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Condo | HOA Lawyers

Can Homeowners Sue an Association for Increasing Assessments Where the Association Did Not Receive the Requisite Votes Required?


Diane Steele owned a home in the Diamond Farm development, which was managed by the Association. While in accordance with the Association’s declaration of covenants, conditions and restrictions, the Association must obtain at least two-thirds of the members’ total votes to increase annual assessments, assessment increases in 2007, 2011, and 2014 did not receive the requisite two-thirds vote for approval. Consequently, Steele ceased making payments. The Association brought suit seeking unpaid assessments and attorney’s fees. Steele’s defense was that she did not owe dues for the amounts of increases imposed without the supermajority required under the Declaration of Covenants.

The district court entered judgment in Steele’s favor because the Association failed to establish the amount of dues owed. On appeal, the circuit court ruled in favor of the Association and the Supreme Court affirmed, holding (1) the ultra vires statute (arguing that the association lacked the power or capacity to do some act) and the doctrine of equitable estoppel operated as a bar to Steele’s defense that the Association’s fee increase were invalid; and (2) the circuit court did not abuse its discretion in awarding $1,257.60 in attorney’s fees.

  1. Whether the Association’s raising of dues constituted an “ultra vires” act?
  2. Whether Steele’s action, of continuing to pay the increased assessments since their passage, constituted acquiescence or ratification of the increases?
  3. Whether Steele’s nine-year delay in asserting her rights was unreasonable?
Court of Appeals of Maryland

On appeal, the Association claimed that the argument that it lacked power or capacity to increase dues was embedded in the ultra vires statute. Because the statute has specific criteria for bringing ultra vires claims, the Association asserted that Steele’s defense was precluded on procedural grounds. The Court agreed, explaining that the plain language of the statute required Steele to raise an argument regarding lack of power or capacity in a proceeding to enjoin the Association, which she failed to do. In other words, the ultra vires statute required that Steele pursue a derivative action, as a condition precedent, to enjoin the Association from improperly raising assessments.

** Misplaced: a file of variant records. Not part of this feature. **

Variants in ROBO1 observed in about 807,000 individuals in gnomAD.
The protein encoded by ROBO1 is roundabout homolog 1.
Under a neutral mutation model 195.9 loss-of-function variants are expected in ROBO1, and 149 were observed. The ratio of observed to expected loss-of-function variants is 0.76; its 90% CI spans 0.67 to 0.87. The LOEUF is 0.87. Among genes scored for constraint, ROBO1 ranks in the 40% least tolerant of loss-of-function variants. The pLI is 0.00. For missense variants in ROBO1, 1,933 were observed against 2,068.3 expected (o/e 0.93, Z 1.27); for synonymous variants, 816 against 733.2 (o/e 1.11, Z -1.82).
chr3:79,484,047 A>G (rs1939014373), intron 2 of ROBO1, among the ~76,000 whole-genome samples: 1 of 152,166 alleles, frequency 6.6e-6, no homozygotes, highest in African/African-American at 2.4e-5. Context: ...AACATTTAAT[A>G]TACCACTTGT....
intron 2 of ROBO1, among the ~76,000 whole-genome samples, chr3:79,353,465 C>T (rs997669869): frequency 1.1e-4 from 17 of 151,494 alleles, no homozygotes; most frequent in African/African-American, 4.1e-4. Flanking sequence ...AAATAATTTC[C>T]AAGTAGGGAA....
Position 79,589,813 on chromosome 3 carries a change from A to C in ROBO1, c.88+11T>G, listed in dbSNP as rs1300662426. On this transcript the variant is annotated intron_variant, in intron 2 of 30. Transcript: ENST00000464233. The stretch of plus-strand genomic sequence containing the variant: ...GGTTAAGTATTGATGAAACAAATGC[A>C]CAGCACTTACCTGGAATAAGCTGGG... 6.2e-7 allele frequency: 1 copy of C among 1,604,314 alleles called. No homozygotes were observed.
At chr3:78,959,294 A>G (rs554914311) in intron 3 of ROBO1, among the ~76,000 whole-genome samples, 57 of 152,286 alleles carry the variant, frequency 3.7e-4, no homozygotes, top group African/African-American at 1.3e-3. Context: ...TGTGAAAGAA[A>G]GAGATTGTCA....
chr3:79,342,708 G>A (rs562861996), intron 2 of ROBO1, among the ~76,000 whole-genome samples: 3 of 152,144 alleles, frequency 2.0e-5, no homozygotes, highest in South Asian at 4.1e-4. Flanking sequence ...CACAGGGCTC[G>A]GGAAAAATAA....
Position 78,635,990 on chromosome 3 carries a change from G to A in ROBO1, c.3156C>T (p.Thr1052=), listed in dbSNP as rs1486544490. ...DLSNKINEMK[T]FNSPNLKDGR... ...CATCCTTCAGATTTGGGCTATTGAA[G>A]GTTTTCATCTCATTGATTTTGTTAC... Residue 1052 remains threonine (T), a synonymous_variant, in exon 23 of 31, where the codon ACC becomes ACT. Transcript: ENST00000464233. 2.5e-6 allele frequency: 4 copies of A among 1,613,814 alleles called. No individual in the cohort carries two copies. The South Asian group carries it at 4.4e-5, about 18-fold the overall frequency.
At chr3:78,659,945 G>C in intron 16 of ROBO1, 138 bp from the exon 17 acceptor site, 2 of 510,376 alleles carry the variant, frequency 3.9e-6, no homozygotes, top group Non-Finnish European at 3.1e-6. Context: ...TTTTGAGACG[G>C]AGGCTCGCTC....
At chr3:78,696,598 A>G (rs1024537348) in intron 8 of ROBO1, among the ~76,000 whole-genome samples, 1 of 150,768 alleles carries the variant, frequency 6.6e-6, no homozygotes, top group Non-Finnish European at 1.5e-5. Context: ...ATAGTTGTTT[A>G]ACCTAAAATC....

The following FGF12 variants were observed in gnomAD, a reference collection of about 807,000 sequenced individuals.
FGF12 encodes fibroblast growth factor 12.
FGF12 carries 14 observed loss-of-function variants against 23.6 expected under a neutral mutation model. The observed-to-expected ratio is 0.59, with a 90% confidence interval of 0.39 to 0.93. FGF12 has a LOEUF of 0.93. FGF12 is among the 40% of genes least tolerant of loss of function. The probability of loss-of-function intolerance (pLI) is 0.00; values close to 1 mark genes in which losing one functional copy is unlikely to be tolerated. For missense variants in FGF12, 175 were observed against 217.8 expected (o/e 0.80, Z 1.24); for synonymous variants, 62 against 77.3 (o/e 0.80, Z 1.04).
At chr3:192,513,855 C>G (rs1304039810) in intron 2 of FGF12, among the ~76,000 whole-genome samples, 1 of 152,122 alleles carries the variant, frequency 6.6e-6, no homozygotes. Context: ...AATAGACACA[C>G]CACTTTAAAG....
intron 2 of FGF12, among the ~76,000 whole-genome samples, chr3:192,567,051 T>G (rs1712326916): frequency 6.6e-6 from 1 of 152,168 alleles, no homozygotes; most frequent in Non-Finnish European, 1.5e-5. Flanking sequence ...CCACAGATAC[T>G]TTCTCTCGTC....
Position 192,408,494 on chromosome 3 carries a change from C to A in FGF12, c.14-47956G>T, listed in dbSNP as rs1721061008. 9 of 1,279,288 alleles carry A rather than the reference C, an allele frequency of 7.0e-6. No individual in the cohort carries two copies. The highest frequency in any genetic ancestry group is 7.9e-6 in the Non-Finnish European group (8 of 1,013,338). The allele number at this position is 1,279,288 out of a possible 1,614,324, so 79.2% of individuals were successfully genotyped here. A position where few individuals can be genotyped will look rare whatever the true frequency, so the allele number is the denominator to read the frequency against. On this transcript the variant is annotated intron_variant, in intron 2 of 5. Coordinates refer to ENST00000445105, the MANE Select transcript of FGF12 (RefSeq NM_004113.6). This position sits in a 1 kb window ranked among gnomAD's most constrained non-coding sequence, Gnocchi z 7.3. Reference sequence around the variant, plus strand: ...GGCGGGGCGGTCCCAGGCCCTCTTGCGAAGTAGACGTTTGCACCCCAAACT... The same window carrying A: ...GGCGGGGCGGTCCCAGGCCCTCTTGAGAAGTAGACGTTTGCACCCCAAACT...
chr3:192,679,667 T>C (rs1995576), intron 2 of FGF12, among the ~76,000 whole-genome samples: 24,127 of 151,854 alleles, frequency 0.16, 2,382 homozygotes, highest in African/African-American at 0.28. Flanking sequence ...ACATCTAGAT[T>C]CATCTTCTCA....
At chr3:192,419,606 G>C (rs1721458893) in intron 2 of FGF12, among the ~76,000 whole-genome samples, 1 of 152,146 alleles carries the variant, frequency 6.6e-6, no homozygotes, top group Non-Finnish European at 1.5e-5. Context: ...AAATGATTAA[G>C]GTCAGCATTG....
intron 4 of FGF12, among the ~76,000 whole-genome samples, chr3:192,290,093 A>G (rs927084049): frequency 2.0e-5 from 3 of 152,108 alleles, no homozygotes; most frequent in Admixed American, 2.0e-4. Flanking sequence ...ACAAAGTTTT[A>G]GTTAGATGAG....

The Court also determined that Steele’s claims were precluded on two separate grounds, the ultra vires statute and application of equitable estoppel. The Court explained that Steele decided not to challenge the validity of the dues increases, despite having access to the newsletters informing her of fee increases in 2003, 2007, 2011, and 2014, that she could have attended open Board meetings during which the assessment vote occurred, and that she could have requested Association records at any time. The Court did not discuss whether Steele’s continued payments constituted acquiescence of the increases.

Lessons Learned
  1. Homeowners could face some procedural hurdles when attempting to sue Associations for improper dues increases if not done timely.
  2. For those of you who think the Association “won” keep in mind that it was embroiled in litigation for three years and the case was heard at three separate court levels: the trial court, the appellate court and the supreme court. I doubt the $1,257 got anywhere near covering the attorney fees that the Association expended, which could have been 100 times the amount awarded.
  3. FOLLOW YOUR DOCUMENTS – if a certain number of votes are required to increase dues, ensure that you are complying with those requirements to avoid suit.

Steele v. Diamond Farm Homes Corp., 464 Md. 364 (2019).


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